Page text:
Feb 05 2021

An Interview with Wendy Stanford, Senior Wine Buyer at Wine.com

Wines from Spain speaks with Wine.com Senior Wine Buyer Wendy Stanford about her love for Spanish wine, her go-to food and wine pairings, and how the American palate for the wines of Spain has grown and evolved over the years.

Wendy Stanford

Wendy, you’re a Senior Wine Buyer at Wine.com, and you’ve been with the e-commerce giant for more than 14 years. How did you get your start in the wine world, and what have you learned along the way?

Having been with Wine.com for almost 15 years, I have seen it grow a great deal, and it has been such an incredible learning experience. My early career was in purchasing, but not wine. I discovered a love for the wine world living in San Francisco, being surrounded by so many great restaurants and living in such proximity to many world class wine regions. I dove right in. I took classes, worked weekends in a tasting room in Napa, and did many informational interviews. Like lots of people in this industry, I immediately knew it was for me! There is always more to learn about wine, and this job has allowed me to have incredible exposure and access to all aspects of the business. I work with suppliers from all over the world, purchase from wholesalers in six states with differing beverage alcohol laws, work closely with regional trade organizations, like Wines from Spain, and get to learn a great deal about consumer behaviors along the way. I have had the incredible opportunity to travel to wine regions across the globe and learn about different cultures, food, history, geography, science and more! I recently passed Level Four Diploma from the WSET. It is a forever education and will keep me interested for life!  
Wine.com is one of Spanish wine lovers’ favorite sources for both old favorites and new discoveries. How have you seen the appreciation of Spanish wine grow and change throughout the course of your career?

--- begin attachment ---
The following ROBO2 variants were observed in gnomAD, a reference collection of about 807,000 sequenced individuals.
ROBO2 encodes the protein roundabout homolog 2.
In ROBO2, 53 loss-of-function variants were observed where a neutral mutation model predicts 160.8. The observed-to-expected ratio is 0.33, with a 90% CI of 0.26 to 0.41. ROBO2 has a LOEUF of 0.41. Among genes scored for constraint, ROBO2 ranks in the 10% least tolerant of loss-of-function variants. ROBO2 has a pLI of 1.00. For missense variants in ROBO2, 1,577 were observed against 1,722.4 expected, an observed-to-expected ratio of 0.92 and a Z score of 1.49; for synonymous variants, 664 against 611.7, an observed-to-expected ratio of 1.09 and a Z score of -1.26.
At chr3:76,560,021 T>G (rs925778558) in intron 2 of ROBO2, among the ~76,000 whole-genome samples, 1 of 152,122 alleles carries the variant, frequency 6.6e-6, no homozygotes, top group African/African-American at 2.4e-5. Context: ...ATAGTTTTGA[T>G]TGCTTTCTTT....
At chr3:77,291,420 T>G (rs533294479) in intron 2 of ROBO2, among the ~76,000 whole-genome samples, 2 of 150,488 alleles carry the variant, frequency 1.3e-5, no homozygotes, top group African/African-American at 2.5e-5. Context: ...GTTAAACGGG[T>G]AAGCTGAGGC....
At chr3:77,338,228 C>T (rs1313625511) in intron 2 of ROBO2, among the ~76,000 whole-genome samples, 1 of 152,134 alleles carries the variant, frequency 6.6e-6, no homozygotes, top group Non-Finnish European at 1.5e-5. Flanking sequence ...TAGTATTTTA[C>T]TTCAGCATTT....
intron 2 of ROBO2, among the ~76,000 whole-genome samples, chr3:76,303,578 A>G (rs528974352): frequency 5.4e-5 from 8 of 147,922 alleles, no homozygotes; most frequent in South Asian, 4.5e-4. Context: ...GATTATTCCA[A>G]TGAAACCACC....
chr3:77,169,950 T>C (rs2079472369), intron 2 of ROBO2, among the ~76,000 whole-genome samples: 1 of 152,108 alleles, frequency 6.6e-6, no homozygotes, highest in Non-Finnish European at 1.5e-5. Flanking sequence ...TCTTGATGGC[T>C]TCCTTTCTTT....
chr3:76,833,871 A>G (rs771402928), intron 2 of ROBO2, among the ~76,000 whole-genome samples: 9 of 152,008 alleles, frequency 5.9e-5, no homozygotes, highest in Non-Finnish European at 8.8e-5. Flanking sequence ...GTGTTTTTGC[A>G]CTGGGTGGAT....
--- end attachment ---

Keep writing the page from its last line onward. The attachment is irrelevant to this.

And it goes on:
In the early days of Wine.com, customers seemed mainly interested in value-priced, easy drinking wines from regions they knew, like Rioja. Other than the classics, most wines on the marketplace seemed to be focused on a big, modern style and tended toward what was believed to be the American “Coca-Cola palate.” While Spain still often provides bang for the buck today, wine regions Americans had less access to before have emerged over the years, like PrioratRibera del DueroRias Baixas and Bierzo, just to name a few.  Interest in grape varieties other than Tempranillo has expanded to Garnacha, Bobal, Monastrell, Mencia, Albariño and Godello, among many others. While modern styles are still produced, many producers have been pulled back a little to a more classic, old-world approach. Wine.com offers it all and our extensive content provides information to help customers choose something new. It all comes down to access.  When given a choice, backed up by lots of information, customers want to explore different things. Of course, the classics, such as La Rioja Alta or Lopez de Heredia, will always remain a customer favorite as well.